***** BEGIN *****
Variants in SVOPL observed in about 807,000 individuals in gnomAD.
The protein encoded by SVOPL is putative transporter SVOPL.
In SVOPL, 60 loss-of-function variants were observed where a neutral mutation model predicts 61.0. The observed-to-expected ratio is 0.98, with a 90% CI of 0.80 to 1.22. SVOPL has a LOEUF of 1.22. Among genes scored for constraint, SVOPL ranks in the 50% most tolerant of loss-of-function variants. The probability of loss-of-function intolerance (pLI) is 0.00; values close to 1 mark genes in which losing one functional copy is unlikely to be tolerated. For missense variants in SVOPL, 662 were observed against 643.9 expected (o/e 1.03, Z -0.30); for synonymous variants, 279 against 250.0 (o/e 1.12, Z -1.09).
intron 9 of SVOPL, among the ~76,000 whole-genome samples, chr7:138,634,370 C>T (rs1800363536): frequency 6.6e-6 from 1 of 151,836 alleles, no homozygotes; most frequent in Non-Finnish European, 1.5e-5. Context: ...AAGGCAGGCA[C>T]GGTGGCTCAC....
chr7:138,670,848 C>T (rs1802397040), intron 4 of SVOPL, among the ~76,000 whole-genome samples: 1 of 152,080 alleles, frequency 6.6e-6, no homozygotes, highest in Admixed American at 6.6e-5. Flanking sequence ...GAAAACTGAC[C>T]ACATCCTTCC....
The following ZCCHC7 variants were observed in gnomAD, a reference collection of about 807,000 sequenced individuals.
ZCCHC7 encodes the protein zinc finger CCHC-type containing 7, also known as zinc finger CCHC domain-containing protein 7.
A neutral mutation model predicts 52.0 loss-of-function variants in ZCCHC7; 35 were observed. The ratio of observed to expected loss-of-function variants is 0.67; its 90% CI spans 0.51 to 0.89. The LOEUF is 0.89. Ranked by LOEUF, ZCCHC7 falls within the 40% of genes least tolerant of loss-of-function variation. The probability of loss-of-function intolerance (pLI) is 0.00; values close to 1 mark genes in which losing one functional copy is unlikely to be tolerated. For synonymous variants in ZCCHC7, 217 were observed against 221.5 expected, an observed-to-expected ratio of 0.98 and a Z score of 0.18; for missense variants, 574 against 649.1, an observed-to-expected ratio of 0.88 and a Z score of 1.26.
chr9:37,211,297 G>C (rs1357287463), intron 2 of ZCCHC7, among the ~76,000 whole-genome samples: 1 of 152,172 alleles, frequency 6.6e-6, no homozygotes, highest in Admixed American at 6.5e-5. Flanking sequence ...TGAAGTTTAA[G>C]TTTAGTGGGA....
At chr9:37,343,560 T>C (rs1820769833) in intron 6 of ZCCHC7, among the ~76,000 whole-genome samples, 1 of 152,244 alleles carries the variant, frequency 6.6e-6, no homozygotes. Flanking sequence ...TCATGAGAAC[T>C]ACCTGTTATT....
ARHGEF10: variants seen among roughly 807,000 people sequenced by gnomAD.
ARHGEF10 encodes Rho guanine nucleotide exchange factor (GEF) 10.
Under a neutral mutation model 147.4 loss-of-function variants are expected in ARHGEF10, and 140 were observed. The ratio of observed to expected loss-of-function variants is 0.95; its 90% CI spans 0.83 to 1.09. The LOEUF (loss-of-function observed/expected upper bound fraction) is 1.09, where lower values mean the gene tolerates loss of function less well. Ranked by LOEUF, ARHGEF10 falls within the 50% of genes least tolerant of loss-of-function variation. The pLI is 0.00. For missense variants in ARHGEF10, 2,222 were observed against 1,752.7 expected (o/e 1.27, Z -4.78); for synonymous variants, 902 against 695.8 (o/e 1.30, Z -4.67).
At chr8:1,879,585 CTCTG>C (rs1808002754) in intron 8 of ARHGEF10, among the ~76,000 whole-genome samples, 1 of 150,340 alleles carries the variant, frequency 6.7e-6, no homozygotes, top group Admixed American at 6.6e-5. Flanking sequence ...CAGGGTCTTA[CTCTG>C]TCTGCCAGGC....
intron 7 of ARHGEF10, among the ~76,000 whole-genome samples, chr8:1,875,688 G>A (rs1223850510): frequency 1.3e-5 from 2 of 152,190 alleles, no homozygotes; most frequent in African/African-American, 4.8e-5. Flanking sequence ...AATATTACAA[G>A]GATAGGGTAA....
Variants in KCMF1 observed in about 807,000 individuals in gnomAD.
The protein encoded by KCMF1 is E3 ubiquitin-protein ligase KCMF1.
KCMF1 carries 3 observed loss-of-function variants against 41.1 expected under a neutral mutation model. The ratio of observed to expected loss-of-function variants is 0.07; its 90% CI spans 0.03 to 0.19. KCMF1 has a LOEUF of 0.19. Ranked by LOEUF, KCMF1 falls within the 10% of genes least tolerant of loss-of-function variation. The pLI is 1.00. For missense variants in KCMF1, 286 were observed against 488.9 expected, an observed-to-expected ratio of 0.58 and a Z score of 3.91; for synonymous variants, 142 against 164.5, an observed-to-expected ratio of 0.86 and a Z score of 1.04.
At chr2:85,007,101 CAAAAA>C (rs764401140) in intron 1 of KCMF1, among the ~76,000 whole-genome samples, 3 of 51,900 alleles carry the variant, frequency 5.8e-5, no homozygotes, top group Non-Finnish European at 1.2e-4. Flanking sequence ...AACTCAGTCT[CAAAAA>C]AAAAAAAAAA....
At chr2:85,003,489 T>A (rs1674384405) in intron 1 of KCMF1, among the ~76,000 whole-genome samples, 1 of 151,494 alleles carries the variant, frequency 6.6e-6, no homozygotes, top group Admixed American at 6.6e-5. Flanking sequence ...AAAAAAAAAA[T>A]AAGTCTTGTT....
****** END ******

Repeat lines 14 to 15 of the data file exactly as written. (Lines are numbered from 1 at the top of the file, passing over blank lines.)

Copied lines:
At chr8:1,879,585 CTCTG>C (rs1808002754) in intron 8 of ARHGEF10, among the ~76,000 whole-genome samples, 1 of 150,340 alleles carries the variant, frequency 6.7e-6, no homozygotes, top group Admixed American at 6.6e-5. Flanking sequence ...CAGGGTCTTA[CTCTG>C]TCTGCCAGGC....
intron 7 of ARHGEF10, among the ~76,000 whole-genome samples, chr8:1,875,688 G>A (rs1223850510): frequency 1.3e-5 from 2 of 152,190 alleles, no homozygotes; most frequent in African/African-American, 4.8e-5. Flanking sequence ...AATATTACAA[G>A]GATAGGGTAA....